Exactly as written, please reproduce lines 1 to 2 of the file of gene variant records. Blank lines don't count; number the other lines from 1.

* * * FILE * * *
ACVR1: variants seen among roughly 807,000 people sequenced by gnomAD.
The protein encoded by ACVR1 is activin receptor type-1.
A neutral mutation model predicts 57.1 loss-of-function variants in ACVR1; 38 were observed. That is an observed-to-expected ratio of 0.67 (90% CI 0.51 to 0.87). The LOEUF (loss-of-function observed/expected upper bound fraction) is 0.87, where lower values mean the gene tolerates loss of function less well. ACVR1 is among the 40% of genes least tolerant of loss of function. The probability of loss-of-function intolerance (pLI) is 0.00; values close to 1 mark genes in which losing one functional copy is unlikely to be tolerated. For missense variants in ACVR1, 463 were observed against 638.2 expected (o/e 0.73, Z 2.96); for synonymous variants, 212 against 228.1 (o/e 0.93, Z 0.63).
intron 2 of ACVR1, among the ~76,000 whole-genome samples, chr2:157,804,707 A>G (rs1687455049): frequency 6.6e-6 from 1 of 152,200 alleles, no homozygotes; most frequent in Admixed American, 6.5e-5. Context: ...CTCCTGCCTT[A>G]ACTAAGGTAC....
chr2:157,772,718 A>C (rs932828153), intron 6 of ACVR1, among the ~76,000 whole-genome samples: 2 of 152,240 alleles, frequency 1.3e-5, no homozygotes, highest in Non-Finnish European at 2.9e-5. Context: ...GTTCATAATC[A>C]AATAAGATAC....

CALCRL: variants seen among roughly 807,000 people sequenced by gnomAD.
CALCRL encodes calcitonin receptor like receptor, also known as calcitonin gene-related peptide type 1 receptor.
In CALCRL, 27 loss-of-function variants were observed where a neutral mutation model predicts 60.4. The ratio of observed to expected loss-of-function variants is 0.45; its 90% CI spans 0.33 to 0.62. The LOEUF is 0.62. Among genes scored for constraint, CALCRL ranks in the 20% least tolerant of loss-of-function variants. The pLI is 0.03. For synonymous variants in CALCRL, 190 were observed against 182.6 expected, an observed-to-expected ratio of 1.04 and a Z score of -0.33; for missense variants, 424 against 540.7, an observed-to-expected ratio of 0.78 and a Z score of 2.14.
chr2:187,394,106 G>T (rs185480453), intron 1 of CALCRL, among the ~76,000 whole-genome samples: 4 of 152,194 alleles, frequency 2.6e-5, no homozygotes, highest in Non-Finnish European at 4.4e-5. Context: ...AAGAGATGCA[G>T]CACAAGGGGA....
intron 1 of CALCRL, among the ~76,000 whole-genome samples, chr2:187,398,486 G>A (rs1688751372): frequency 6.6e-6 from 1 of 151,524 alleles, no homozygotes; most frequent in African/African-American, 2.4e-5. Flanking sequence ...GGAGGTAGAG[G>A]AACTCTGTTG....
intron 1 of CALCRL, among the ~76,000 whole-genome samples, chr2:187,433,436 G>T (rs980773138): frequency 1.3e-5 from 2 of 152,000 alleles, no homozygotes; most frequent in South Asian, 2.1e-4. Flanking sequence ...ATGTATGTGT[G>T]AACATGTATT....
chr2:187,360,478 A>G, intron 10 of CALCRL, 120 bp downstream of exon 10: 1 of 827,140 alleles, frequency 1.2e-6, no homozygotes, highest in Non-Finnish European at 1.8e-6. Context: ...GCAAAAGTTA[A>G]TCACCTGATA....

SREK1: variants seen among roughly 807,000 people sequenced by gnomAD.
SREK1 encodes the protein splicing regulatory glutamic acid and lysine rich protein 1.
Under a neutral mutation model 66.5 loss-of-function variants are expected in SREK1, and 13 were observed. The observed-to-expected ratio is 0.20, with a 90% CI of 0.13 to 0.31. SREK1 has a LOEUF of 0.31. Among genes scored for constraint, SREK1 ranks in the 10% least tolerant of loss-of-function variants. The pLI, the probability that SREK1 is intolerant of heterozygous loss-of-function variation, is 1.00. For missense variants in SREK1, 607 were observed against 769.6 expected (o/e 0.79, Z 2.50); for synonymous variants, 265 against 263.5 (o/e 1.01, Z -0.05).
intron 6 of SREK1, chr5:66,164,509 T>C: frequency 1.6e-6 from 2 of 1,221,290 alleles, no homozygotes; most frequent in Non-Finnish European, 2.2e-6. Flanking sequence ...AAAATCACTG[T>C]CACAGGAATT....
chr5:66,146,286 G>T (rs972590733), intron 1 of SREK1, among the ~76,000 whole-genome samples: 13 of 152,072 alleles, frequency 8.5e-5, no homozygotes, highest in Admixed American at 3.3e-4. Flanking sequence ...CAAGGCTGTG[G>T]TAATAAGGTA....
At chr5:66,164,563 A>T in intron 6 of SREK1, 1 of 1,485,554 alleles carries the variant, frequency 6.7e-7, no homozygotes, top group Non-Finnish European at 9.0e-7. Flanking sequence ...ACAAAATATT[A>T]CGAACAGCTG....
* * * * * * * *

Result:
ACVR1: variants seen among roughly 807,000 people sequenced by gnomAD.
The protein encoded by ACVR1 is activin receptor type-1.